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How does the sacrophagus actually eats up the flesh of a human body? Its amazing isnt it if the stone, limestone, will actually absorb the moisture of the flesh and slowly make the body part of the enclosure?



Yeah, same question here. What's this about "consuming the flesh" ?? Does it mean only that the body dries out or something more complicated? Inquiring minds, etc. 19:54, 13 January 2007 (UTC)
Yep. I have to echo the same question. More detail is in order. Anyone know anything about this? —CKA3KA (Skazka) (talk) 08:17, 6 December 2007 (UTC)
I was taught that what happens is that as the body decomposes and liquefies, the liquid seeps through the somewhat porous limestone eventually, leaving the bones behind. Hence the limestone is "eating" specifically the flesh but not the bones. How long this process takes I have no idea and I can't cite any sources. --BAW (talk) 16:56, 18 August 2009 (UTC)

Removed bit about eating flesh.[edit]

Since there have been no objections so far, I've removed the following paragraph from the article:

The 5th century BC Greek historian Herodotus noted that early sarcophagi were carved from a special kind of rock that consumed the flesh of the corpse inside. In particular, coffins made of a limestone from Assus in the Troad known as lapis Assius had the property of consuming the bodies placed within them, and therefore was also called sarkophagos lithos (flesh-eating stone). All coffins made of limestone have this property to a greater or lesser degree, and the name eventually came to be applied to stone coffins in general.

It's intriguing, so I've put it here in case anyone can find a credible source for it.

I also removed the phrase "(the "goo-goo")" from the last paragraph. I looked at the page for the fly family Sarcophagidae, and there was no reference to its being called the "goo-goo." If this is true, then it needs a citation AND it needs to be placed in the article for Sarcophagidae, not the article on the sarcophagus. —CKA3KA (Skazka) (talk) 18:47, 20 December 2007 (UTC)


Should the plural really be sarcophagi? The -us to -i form is Latin, and this page confirms that sarcophagus is from the Greek. It seems to me that applying the Latin plural is meaningless, and there should either be some Greek form, as in octopodes, or we should go by the rules of English (this being the English language wikipedia, not the fake Latin one) and say sarcophaguses, although it doesn't really roll off the tongue. (talk) 14:28, 26 December 2009 (UTC)

Sarcophagi is always the plural I've seen used in articles about sarcophagi. Nev1 (talk) 14:33, 26 December 2009 (UTC)
But why? It doesn't make any sense75.73.32.46 (talk) 19:01, 27 April 2010 (UTC)
Sense? In English? :) The OED says 'Pl. -phagi ... Also 8 -fagus' - I think -phagi is more common —Preceding unsigned comment added by (talk) 21:39, 17 November 2010 (UTC)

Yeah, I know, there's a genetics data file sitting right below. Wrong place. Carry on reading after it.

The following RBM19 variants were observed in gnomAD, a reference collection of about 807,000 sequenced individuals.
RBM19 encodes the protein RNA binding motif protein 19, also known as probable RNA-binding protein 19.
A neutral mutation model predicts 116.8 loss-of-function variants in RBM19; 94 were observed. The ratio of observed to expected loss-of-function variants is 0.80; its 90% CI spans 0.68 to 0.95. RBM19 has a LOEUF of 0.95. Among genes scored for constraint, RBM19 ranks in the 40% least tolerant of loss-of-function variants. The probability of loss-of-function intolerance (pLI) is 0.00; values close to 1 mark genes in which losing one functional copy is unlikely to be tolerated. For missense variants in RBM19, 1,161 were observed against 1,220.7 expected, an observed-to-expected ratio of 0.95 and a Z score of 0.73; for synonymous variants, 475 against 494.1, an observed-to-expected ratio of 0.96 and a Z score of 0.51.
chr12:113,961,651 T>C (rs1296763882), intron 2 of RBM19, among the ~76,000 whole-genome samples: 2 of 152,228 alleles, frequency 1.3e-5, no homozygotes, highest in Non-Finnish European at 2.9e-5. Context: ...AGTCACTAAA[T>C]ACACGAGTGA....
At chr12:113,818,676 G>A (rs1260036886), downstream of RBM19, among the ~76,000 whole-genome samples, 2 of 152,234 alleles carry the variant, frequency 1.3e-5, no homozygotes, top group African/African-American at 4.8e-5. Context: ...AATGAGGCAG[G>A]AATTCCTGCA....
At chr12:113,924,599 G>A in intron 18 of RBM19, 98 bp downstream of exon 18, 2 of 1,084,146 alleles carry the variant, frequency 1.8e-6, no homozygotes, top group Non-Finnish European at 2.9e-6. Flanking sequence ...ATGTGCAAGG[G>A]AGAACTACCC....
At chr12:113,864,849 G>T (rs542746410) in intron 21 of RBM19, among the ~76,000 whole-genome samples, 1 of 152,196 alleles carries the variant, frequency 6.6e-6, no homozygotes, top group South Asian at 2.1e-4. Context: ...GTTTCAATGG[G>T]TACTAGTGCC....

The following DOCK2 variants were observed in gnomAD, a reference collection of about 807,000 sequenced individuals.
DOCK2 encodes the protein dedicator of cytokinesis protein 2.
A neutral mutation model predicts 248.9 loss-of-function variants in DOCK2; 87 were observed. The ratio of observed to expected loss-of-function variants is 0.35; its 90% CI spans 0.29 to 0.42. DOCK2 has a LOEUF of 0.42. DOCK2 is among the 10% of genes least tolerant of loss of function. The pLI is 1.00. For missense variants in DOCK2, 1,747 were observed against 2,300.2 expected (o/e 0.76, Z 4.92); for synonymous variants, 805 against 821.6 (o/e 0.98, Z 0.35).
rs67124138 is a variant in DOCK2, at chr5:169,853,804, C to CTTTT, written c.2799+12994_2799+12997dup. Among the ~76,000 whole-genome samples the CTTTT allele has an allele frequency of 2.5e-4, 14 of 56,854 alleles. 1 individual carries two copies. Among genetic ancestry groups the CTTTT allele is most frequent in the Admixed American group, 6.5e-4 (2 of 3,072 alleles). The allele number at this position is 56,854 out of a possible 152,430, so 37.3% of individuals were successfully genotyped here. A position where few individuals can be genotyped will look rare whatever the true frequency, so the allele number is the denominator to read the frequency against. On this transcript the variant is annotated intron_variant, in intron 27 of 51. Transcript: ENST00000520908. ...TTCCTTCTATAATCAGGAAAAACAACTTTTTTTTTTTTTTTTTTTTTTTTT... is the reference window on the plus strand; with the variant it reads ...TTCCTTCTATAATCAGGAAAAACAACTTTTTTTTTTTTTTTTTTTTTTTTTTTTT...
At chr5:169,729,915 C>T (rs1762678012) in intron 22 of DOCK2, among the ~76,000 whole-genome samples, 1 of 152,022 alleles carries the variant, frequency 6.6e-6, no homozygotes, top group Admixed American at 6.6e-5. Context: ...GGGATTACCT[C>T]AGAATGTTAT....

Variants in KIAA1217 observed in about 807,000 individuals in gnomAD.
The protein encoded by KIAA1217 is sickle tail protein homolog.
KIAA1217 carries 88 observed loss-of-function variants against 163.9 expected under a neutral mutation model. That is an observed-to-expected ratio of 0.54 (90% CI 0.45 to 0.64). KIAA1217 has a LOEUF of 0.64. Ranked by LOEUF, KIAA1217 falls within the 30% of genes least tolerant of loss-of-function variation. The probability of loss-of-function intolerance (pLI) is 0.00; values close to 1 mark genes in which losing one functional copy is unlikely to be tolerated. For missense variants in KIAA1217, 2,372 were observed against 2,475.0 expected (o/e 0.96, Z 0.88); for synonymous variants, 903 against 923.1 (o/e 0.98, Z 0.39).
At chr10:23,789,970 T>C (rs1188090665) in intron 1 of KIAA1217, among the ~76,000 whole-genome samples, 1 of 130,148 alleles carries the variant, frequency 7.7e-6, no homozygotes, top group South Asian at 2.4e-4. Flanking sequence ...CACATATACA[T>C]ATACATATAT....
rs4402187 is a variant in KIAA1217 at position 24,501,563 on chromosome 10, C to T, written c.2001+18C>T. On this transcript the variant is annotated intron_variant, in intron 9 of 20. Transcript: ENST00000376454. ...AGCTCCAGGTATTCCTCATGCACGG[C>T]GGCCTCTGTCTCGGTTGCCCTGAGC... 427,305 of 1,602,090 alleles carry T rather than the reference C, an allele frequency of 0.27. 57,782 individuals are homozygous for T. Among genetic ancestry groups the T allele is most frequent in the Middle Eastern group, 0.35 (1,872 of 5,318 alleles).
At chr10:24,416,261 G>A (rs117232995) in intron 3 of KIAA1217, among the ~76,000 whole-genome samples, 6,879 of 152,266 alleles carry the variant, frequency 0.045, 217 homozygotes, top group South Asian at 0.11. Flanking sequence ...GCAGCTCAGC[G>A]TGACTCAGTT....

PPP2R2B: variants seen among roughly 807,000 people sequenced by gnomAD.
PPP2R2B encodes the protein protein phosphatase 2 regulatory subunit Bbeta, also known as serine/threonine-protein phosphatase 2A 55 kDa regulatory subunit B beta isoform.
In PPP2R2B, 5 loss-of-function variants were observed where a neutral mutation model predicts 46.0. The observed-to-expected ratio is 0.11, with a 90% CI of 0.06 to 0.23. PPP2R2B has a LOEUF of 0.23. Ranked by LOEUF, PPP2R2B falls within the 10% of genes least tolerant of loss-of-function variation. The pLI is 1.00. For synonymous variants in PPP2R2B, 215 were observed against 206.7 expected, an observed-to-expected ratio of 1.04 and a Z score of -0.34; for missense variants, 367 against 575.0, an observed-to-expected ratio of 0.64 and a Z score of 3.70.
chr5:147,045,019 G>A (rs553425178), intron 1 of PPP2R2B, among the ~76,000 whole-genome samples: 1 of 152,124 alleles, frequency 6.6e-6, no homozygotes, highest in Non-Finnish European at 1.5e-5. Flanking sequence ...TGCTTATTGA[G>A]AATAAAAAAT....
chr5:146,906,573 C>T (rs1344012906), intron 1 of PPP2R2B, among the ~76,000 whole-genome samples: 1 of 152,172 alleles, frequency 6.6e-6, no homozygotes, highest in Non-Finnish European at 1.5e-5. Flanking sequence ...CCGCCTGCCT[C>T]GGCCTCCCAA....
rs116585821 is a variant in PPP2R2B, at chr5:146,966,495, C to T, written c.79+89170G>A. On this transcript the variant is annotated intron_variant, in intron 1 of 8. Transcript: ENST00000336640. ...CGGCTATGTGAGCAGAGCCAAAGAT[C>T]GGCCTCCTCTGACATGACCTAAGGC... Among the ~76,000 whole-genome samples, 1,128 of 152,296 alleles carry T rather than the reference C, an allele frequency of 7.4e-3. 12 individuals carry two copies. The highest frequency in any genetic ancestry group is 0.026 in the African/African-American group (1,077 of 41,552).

Just because it's more common doesn't mean it's correct. Take "octopi" for instance. The correct plural is "octopodes", because it derives from Greek. But I'm not sure exactly what declension the adjectival gerund is. I see "-oi" and "-a" as possibilities. It would technically be "eating of flesh". I have no idea how to conjugate Greco-Roman languages. Can we get a Greek speaker here to sort this out? ForestAngel (talk) 01:30, 29 March 2013 (UTC)
Repeat to yourself: "English is not Latin". English largely use descriptive rules, i.e. what people say is correct. Octopodes might be a correct Latin plural of a third-declension noun, but that doesn't in itself make it correct English. The standard rule for forming plurals in English, including most foreign imports, is add "-s" (or "-es" if it already ends with an s sound). "Octopuses" is emphatically correct, because it is a perfectly valid English plural, and "octopi" has the justification that it is a very frequently used plural. You cannot fix the majority, you have to shrug and accept that while "sarcophagi" lacks any semblance of classical justification, it is nonetheless the correct one, and the plural you should use in your English essays. Feel free to blog about how inconsistent English is, and how English should behave more like Latin, but as for correctness, both octopi and sarcophagi are correct in English (but not necessarily in other languages). For the record, I think most style guides prefer octopuses over octopi. Don't use "octopodes" except in jest or slang writing. Well-meaning grammar-nazis are responsible for adding an erroneous "c" in "scissors" and "scythe", thinking that they were derived from the latin "scindere" (to split or divide). Does this mean that you should drop the "c", just because the justification is wrong? No, of course not. English is full of these examples, but short of a dictatorial edict, I see no other solution than to learn to live with it.--Vilding1 (talk) 17:36, 4 December 2014 (UTC)

Being a book person, someone who prefers books to the internet, I looked up what to me would be the ultimate source for this sort of argument, Erwin Panofsky's Tomb Sculpture. Panifsky is an old school art historian, comfortable with both Greek and Latin, as almost any page in the book will attest. and he uses "Sarcophagi ", so if it good enough for him it should be (opinion) good enough for wikipedia. Einar aka Carptrash (talk) 17:48, 4 December 2014 (UTC)